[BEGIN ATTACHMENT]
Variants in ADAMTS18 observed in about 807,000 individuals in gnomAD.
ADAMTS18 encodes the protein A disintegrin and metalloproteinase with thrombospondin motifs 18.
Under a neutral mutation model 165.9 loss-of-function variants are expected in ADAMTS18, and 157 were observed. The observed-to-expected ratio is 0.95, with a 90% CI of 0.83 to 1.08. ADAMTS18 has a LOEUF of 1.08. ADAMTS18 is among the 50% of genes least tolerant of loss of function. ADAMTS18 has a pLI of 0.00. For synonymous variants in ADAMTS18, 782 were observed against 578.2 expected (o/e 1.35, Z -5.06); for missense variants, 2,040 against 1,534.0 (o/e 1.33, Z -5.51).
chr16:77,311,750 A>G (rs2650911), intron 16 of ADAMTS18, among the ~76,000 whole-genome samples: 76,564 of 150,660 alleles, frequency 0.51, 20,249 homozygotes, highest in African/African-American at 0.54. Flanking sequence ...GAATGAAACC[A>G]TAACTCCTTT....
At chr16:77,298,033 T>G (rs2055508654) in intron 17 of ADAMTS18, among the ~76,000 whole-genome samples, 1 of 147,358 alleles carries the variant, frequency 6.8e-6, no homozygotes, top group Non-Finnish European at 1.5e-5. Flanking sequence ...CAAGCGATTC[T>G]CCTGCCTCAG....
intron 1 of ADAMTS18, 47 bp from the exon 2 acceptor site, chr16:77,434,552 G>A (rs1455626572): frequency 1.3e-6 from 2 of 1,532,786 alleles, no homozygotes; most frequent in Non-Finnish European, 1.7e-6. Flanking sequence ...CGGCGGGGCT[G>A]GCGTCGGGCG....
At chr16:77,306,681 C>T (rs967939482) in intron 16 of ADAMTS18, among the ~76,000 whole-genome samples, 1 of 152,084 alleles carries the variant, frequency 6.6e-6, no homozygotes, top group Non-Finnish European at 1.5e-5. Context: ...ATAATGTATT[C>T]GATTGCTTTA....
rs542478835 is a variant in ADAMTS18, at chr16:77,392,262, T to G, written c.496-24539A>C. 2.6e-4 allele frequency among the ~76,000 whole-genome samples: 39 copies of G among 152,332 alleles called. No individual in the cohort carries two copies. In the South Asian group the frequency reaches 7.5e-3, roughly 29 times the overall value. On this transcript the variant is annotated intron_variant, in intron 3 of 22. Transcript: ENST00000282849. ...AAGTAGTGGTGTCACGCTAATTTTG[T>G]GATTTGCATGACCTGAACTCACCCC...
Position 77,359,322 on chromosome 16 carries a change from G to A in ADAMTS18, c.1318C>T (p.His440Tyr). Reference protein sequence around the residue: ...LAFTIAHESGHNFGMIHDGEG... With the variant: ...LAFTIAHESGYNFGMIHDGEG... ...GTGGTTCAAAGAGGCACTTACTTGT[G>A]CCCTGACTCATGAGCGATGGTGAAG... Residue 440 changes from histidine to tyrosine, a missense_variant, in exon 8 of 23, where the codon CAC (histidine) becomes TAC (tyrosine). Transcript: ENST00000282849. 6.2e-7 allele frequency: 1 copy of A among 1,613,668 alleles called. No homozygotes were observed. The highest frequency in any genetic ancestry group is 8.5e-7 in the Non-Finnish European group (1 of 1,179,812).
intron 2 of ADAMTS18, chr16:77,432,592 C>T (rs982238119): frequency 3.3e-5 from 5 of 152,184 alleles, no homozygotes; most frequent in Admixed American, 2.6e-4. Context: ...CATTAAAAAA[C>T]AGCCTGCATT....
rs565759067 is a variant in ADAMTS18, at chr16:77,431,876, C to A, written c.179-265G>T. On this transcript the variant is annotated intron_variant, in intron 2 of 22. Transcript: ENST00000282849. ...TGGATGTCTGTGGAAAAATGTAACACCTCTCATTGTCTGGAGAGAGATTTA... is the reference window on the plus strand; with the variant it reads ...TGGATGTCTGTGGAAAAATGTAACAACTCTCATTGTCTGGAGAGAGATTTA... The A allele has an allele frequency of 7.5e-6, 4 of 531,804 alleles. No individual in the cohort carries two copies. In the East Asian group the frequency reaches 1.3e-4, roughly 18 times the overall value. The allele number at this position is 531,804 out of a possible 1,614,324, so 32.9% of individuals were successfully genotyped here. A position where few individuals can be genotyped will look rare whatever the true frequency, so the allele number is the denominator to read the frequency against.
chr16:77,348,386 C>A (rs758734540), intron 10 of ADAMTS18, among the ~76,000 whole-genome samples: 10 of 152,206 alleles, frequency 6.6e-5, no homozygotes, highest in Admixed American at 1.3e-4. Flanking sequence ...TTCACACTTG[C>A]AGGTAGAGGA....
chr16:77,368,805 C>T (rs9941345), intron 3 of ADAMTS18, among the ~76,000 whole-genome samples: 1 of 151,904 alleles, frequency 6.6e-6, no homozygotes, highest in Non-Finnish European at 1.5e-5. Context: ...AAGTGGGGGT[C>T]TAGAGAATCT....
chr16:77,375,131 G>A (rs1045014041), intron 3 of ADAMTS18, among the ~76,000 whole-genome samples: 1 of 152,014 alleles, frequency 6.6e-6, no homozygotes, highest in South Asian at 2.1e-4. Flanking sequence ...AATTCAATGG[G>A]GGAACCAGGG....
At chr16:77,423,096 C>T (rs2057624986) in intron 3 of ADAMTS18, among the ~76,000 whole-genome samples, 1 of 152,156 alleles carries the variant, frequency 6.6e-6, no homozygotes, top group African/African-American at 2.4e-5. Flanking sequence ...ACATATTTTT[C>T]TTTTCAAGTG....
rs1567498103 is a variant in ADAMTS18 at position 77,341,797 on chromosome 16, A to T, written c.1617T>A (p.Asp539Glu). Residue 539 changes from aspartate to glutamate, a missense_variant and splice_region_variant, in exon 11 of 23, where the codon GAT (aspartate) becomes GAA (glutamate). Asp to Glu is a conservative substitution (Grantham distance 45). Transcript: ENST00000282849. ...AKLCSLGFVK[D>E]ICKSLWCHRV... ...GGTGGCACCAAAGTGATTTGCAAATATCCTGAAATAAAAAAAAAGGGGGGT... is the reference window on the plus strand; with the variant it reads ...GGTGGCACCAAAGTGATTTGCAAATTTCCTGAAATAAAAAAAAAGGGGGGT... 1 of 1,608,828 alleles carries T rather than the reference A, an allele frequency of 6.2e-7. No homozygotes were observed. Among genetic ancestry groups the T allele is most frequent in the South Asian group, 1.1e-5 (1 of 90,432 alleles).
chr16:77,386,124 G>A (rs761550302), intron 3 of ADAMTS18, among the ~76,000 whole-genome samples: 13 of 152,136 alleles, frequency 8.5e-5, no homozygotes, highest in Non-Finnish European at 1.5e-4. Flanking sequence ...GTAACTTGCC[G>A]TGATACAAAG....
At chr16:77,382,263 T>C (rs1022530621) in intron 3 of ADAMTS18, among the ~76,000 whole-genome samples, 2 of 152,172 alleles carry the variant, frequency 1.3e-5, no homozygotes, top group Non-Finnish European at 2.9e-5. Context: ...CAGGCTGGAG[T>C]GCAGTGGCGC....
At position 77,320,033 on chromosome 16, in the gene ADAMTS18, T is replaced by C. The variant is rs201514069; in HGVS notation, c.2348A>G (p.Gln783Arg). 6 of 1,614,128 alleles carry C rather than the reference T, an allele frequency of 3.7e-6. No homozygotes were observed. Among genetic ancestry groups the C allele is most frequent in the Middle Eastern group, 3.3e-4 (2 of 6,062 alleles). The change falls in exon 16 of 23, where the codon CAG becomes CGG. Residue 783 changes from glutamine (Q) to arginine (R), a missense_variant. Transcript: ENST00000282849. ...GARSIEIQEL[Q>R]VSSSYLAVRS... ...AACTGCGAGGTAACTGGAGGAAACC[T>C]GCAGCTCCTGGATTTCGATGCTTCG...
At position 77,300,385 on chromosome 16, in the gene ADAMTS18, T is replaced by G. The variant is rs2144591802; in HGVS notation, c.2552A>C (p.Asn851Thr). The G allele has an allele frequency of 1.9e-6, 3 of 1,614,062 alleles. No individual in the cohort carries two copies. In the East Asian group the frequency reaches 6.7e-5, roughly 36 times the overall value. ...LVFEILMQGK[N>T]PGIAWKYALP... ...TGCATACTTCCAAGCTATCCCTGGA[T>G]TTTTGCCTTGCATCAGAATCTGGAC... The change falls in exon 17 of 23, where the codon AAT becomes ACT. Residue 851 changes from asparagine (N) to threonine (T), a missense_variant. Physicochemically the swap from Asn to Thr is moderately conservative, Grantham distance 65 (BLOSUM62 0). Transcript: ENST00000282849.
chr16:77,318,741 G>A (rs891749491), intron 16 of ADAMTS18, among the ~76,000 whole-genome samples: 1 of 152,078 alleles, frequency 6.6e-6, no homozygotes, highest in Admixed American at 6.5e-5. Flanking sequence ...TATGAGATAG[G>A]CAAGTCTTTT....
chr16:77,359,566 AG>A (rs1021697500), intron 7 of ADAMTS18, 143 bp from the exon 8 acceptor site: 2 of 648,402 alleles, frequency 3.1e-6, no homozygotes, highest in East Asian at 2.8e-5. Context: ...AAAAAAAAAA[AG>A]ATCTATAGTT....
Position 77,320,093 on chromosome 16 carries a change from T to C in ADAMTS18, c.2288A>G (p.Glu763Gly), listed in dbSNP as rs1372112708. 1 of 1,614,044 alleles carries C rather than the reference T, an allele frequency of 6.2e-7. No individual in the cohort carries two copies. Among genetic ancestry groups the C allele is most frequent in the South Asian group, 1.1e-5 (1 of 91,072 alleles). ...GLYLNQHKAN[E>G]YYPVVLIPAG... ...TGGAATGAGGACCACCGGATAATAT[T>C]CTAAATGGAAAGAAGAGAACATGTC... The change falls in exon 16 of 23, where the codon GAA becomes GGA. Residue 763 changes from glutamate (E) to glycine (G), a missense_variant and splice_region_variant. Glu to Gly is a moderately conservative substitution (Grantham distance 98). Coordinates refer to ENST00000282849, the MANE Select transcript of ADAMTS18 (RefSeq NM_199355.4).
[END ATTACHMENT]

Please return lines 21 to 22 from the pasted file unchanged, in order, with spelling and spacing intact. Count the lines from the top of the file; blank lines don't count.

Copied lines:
chr16:77,318,741 G>A (rs891749491), intron 16 of ADAMTS18, among the ~76,000 whole-genome samples: 1 of 152,078 alleles, frequency 6.6e-6, no homozygotes, highest in Admixed American at 6.5e-5. Flanking sequence ...TATGAGATAG[G>A]CAAGTCTTTT....
chr16:77,359,566 AG>A (rs1021697500), intron 7 of ADAMTS18, 143 bp from the exon 8 acceptor site: 2 of 648,402 alleles, frequency 3.1e-6, no homozygotes, highest in East Asian at 2.8e-5. Context: ...AAAAAAAAAA[AG>A]ATCTATAGTT....